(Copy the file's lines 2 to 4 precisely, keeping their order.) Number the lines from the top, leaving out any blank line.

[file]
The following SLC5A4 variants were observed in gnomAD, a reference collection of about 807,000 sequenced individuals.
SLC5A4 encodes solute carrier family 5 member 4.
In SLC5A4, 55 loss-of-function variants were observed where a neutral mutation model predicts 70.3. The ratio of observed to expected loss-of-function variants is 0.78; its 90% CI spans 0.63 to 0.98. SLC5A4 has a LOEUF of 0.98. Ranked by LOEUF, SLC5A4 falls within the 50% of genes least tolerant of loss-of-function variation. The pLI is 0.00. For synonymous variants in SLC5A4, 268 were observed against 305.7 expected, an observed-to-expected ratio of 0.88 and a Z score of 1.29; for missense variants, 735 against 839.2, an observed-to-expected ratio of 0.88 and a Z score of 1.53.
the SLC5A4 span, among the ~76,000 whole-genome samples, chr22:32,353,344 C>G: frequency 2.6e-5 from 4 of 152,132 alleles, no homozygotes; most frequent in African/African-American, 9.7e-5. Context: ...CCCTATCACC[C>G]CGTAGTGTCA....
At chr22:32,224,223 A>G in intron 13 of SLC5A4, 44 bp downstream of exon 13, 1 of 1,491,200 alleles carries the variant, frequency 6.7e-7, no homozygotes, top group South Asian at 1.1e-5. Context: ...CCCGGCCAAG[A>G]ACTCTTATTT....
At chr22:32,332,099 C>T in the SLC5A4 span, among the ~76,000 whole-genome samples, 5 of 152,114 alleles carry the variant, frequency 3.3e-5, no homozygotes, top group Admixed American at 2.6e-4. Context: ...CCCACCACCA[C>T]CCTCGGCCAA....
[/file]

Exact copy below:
SLC5A4 encodes solute carrier family 5 member 4.
In SLC5A4, 55 loss-of-function variants were observed where a neutral mutation model predicts 70.3. The ratio of observed to expected loss-of-function variants is 0.78; its 90% CI spans 0.63 to 0.98. SLC5A4 has a LOEUF of 0.98. Ranked by LOEUF, SLC5A4 falls within the 50% of genes least tolerant of loss-of-function variation. The pLI is 0.00. For synonymous variants in SLC5A4, 268 were observed against 305.7 expected, an observed-to-expected ratio of 0.88 and a Z score of 1.29; for missense variants, 735 against 839.2, an observed-to-expected ratio of 0.88 and a Z score of 1.53.
the SLC5A4 span, among the ~76,000 whole-genome samples, chr22:32,353,344 C>G: frequency 2.6e-5 from 4 of 152,132 alleles, no homozygotes; most frequent in African/African-American, 9.7e-5. Context: ...CCCTATCACC[C>G]CGTAGTGTCA....